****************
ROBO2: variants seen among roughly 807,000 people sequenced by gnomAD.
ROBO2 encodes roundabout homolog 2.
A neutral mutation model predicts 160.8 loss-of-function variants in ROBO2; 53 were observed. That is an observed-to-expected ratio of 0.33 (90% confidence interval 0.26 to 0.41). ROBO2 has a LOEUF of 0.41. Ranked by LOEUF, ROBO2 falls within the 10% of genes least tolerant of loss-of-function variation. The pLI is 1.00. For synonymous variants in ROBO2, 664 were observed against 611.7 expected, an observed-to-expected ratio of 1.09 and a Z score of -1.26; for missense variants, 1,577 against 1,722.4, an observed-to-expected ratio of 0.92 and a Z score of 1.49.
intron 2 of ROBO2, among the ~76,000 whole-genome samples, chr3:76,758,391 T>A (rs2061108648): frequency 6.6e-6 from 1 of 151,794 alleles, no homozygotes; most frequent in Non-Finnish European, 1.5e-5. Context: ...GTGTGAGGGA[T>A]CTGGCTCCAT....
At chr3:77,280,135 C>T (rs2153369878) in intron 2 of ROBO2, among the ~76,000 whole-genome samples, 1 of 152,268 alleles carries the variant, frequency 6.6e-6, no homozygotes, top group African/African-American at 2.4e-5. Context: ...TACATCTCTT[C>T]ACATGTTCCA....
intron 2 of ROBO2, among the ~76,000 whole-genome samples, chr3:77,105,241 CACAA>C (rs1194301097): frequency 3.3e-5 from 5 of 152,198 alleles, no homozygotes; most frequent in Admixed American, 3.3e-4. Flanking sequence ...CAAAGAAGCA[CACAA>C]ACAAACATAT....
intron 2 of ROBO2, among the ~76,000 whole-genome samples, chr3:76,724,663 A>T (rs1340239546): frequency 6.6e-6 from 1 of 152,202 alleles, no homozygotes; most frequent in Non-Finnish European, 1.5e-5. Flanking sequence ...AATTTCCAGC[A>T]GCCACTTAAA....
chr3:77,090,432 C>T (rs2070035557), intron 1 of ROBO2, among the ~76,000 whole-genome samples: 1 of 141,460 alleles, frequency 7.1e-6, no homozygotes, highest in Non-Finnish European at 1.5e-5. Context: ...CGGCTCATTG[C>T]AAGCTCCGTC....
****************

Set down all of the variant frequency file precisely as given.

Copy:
ROBO2: variants seen among roughly 807,000 people sequenced by gnomAD.
ROBO2 encodes roundabout homolog 2.
A neutral mutation model predicts 160.8 loss-of-function variants in ROBO2; 53 were observed. That is an observed-to-expected ratio of 0.33 (90% confidence interval 0.26 to 0.41). ROBO2 has a LOEUF of 0.41. Ranked by LOEUF, ROBO2 falls within the 10% of genes least tolerant of loss-of-function variation. The pLI is 1.00. For synonymous variants in ROBO2, 664 were observed against 611.7 expected, an observed-to-expected ratio of 1.09 and a Z score of -1.26; for missense variants, 1,577 against 1,722.4, an observed-to-expected ratio of 0.92 and a Z score of 1.49.
intron 2 of ROBO2, among the ~76,000 whole-genome samples, chr3:76,758,391 T>A (rs2061108648): frequency 6.6e-6 from 1 of 151,794 alleles, no homozygotes; most frequent in Non-Finnish European, 1.5e-5. Context: ...GTGTGAGGGA[T>A]CTGGCTCCAT....
At chr3:77,280,135 C>T (rs2153369878) in intron 2 of ROBO2, among the ~76,000 whole-genome samples, 1 of 152,268 alleles carries the variant, frequency 6.6e-6, no homozygotes, top group African/African-American at 2.4e-5. Context: ...TACATCTCTT[C>T]ACATGTTCCA....
intron 2 of ROBO2, among the ~76,000 whole-genome samples, chr3:77,105,241 CACAA>C (rs1194301097): frequency 3.3e-5 from 5 of 152,198 alleles, no homozygotes; most frequent in Admixed American, 3.3e-4. Flanking sequence ...CAAAGAAGCA[CACAA>C]ACAAACATAT....
intron 2 of ROBO2, among the ~76,000 whole-genome samples, chr3:76,724,663 A>T (rs1340239546): frequency 6.6e-6 from 1 of 152,202 alleles, no homozygotes; most frequent in Non-Finnish European, 1.5e-5. Flanking sequence ...AATTTCCAGC[A>T]GCCACTTAAA....
chr3:77,090,432 C>T (rs2070035557), intron 1 of ROBO2, among the ~76,000 whole-genome samples: 1 of 141,460 alleles, frequency 7.1e-6, no homozygotes, highest in Non-Finnish European at 1.5e-5. Context: ...CGGCTCATTG[C>T]AAGCTCCGTC....